Overcooked Butterball turkey explodes



“I cook with wine, sometimes I even add it to the food.” ― W.C. Fields

Editorial Comment

The following incident is as true as I can possibly remember it. The names of the parties involved are being withheld to  protect the innocent. Just so you know!  🙂


I have cooked my fair share of turkeys over the years and have never ever had one explode the way the one I cooked yesterday happened to give up the ghost.

It was a fair-sized Butterball turkey I had purchased a few weeks ago and had thawed it according to the directions on the packaging. I had saved a whopping $12 on the bird and was proud of my shopping prowess.

I sprayed the cooking pan with Pam and as I inspected the bird noticed that the customary string harness that was always included with the bird was missing. No big deal I thought. I knew how to extract a cooked turkey from the oven. Right? Wrong.

The first sign of any potential trouble occurred when I basted the bird after the first hour of cooking. The bird was a wee bit larger than the baking pan I used but I figured when it thawed a bit more in hot oven during baking all would rectify itself. 

I removed the pan from the oven and noticed that a good portion of the bird’s skin had baked to the cover. I dismissed this fact as being incidental and proceeded to baste the bird and place it back in its heated roost.

A short time later when I again basted the bird I noticed that the bird’s chest cavity had split wide open and the insides were now outside. Again I gave this fact no thought and minimized the damage done to the baking bird.

When I finally withdrew the bird from the oven the bird was a golden brown, the juices were still flowing and steam was rising . I had done a good job as far as I realized.

The moment of truth came when I tried to extract the darn thing from the pan. I used a two spoon technique  referred to as the Braxton Hicks maneuver that doctors use to deliver babies.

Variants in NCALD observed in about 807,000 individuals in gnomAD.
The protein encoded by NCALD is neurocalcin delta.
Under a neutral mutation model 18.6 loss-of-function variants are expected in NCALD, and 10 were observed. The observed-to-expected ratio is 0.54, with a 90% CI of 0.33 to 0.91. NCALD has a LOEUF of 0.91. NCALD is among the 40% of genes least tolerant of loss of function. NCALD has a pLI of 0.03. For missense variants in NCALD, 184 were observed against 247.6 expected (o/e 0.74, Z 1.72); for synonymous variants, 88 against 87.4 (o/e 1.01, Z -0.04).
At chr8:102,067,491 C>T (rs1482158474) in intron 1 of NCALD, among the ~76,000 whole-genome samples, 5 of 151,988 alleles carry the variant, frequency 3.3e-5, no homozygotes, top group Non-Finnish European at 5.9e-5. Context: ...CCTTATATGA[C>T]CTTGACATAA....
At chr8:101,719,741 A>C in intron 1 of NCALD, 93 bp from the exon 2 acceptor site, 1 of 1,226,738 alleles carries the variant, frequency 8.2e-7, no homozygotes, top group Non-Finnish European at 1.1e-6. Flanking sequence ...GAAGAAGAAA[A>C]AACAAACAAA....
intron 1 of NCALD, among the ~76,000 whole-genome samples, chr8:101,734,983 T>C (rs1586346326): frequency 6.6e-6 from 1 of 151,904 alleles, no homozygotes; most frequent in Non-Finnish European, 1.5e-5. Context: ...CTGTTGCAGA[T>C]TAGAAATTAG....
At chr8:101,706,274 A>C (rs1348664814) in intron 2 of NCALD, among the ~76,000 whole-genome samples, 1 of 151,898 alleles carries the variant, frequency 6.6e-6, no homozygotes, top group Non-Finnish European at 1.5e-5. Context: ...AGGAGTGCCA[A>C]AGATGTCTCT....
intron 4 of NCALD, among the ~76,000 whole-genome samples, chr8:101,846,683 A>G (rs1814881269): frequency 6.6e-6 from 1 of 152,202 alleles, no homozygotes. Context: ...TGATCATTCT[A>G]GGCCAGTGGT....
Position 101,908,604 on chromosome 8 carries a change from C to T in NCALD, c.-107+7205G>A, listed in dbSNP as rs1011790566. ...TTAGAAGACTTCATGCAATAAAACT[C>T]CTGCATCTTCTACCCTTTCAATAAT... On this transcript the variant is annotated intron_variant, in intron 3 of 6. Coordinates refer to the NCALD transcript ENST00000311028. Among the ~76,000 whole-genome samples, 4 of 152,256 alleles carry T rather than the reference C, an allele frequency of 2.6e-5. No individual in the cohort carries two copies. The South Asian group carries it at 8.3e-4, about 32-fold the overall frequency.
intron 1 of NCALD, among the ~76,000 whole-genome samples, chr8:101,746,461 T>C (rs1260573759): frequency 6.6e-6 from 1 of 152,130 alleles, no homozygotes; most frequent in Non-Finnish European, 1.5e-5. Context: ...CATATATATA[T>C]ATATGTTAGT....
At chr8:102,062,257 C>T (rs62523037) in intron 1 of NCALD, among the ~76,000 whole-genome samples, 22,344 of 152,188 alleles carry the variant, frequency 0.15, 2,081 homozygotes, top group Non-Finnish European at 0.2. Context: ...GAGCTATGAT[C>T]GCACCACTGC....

In this case two spoons ( one aluminum and one plastic) help to deliver the turkey from the pan to a serving plate waiting nearby. 

This method had always worked for me in the past when the bird had been trussed up with the string. This time it was a major flop.

Trying to work as methodically as possible I placed the extraction spoons in place, scraped along the sides of the pan to free the bird carcass from that and then gave a heave-ho! Then disaster struck.

As I raised the bird into the air there was a moment when time seemed to freeze. The bird seemed to disassemble before my eyes. One half of it went west. The other symmetrical half arced east. 

The interior bones and other parts of the bird seemed to float in the air and then splashed onto the kitchen counter top and nearby walls.

When the incident initially happened I was shocked . I had never seen that before.

Then with a sigh of relief I salvaged what I could. Each turkey half was carefully placed on a dinner plate…white meat on one plate and dark meat on another.

I was fortunate that there was enough juice left in the pan to salvage enough gravy for one cup of the stuff.

It was difficult to believe that such a thing had happened to me.

But a male’s ego at times goes far beyond the realm of logic and common sense. — gc









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